Paper Mario: Sticker Star
What parents need to know
Parents Need to Know
Parents need to know that Paper Mario: Sticker Star is a cartoonish action game starring papery versions of the Mario crew. It employs a turn-based combat system that's a little more complex than you might expect, but its mild cartoon violence is about on par with most other Mario games (think: squished goombas, kicked koopa troopas). Mario is the same brave, helpful hero he's always been, and he encounters plenty of clever puzzles that force kids to stop, take stock of their situation, and think for a while to figure out how to proceed. Parents need to remember that Nintendo is warning parents not to allow kids age six and under to view the graphics in 3D because that viewing "may cause vision damage." The Nintendo 3DS offers parents the ability to lock out the use of 3D graphics in the system's Parental Controls.
What's it about?
Mario stars as a piece of paper in PAPER MARIO: STICKER STAR, an unusual hybrid of platforming action, RPG-style battles, and contextual puzzle solving. The game begins with Bowser crashing a sticker festival held in a town made of paper. He kidnaps Princess Peach and leaves the village and its two-dimensional townsfolk in shambles. Mario helps to restore the village, then heads out on an adventure through flattened forests and deserts in search of royal stickers that will help him save the princess. Stickers play an important roll throughout the game. Mario collects them to use in turn-based combat, choosing between stickers including boots, hammers, and bombs to attack his enemies. He also uses them to restore parts of the environment, placing bridge and gate stickers to open access to new areas. Players will end up using thousands of stickers in combat and to accomplish various objectives over the course of this lengthy, 15 to 20-hour adventure.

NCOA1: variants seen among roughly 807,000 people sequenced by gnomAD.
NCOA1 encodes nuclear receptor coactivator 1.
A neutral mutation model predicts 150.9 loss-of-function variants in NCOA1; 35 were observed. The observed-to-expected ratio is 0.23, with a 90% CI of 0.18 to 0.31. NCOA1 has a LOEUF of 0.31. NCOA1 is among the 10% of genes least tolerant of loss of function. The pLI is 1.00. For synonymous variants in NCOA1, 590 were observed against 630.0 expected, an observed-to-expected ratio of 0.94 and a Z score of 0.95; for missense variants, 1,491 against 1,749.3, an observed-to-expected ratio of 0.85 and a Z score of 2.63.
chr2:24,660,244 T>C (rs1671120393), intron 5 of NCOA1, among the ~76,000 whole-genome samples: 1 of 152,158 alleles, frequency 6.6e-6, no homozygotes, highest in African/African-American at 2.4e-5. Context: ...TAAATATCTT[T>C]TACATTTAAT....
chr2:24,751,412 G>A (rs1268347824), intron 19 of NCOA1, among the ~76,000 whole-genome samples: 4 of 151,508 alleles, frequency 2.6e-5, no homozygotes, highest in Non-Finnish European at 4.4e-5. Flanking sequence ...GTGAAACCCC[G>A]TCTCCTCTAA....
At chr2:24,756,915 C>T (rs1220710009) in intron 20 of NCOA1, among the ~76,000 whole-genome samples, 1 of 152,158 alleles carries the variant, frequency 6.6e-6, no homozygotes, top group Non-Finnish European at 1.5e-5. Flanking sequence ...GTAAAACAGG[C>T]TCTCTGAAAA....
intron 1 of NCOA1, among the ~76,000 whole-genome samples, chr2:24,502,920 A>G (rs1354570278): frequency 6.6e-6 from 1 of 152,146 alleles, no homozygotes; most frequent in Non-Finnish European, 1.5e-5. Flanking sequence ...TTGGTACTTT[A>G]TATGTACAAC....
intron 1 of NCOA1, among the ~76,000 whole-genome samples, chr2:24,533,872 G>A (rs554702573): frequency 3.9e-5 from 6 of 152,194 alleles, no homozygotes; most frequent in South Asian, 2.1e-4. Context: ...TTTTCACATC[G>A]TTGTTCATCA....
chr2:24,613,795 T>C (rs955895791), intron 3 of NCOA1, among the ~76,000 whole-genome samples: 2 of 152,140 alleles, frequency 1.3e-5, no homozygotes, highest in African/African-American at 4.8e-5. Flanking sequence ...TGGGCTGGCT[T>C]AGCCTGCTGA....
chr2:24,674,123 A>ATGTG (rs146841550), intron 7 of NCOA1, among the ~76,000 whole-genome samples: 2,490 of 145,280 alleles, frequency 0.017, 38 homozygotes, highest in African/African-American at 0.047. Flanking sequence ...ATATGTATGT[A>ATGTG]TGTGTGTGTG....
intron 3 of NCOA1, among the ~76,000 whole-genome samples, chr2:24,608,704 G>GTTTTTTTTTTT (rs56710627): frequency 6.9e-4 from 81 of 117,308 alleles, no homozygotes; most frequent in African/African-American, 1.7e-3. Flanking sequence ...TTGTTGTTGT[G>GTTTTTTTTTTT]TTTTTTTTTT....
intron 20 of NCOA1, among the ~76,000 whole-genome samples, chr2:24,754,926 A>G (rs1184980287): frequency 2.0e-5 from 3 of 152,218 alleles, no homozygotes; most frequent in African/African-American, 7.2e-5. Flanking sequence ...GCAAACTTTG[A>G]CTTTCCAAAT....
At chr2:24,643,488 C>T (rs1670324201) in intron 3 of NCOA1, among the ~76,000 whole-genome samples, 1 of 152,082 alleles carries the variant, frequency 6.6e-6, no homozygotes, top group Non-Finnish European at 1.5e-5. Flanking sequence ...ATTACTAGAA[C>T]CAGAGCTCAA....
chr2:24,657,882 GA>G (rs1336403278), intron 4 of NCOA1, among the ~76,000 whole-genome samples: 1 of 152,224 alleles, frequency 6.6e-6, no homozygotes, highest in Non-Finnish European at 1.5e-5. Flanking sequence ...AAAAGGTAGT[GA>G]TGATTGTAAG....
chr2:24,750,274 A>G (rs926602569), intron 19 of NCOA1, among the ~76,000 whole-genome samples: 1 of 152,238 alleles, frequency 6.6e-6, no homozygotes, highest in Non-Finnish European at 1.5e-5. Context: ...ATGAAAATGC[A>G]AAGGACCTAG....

Is it any good?
Like its Paper Mario precursors, Paper Mario: Sticker Star stands well apart from other games headlined by Nintendo's iconic plumber. The game's clever and attractive two-dimensional aesthetic is striking. When paper Mario turns, for example, he virtually disappears for a split second as we see only his edge. Plus, evolving the series' paper theme to focus on stickers -- those collectible adhesives beloved by children of all ages -- is genius. Players get to peel them off walls and floors in satisfying fashion to reveal goodies and hidden rooms, then stick them back down to solve puzzles within the environment, smoothing out their edges with the circle pad. It feels great.
Paper Mario: Sticker Star isn't perfect -- you can expect to do a lot of backtracking and losing battles simply because you haven't collected the proper stickers to effectively defeat a specific type of enemy. But it's still one of the most original and entertaining games yet made for Nintendo's stereoscopic handheld. Don't miss it.
Families can talk about...
Families can talk about solving problems with ideas rather than anger. When you get in arguments with friends, do you try to see the issue from their side? Do you think maybe there's a way that both of you can be happy, even if you don't agree or get exactly what you want?
What do you like about Mario games?
|Subjects:||Language & Reading: reading|
|Skills:||Thinking & Reasoning: applying information, solving puzzles, strategy |
Emotional Development: moving beyond obstacles, persevering
|Available online?||Not available online|
|Release date:||November 11, 2012|
|Topics:||Princesses and fairies, Adventures|
|ESRB rating:||E for Mild Cartoon Violence |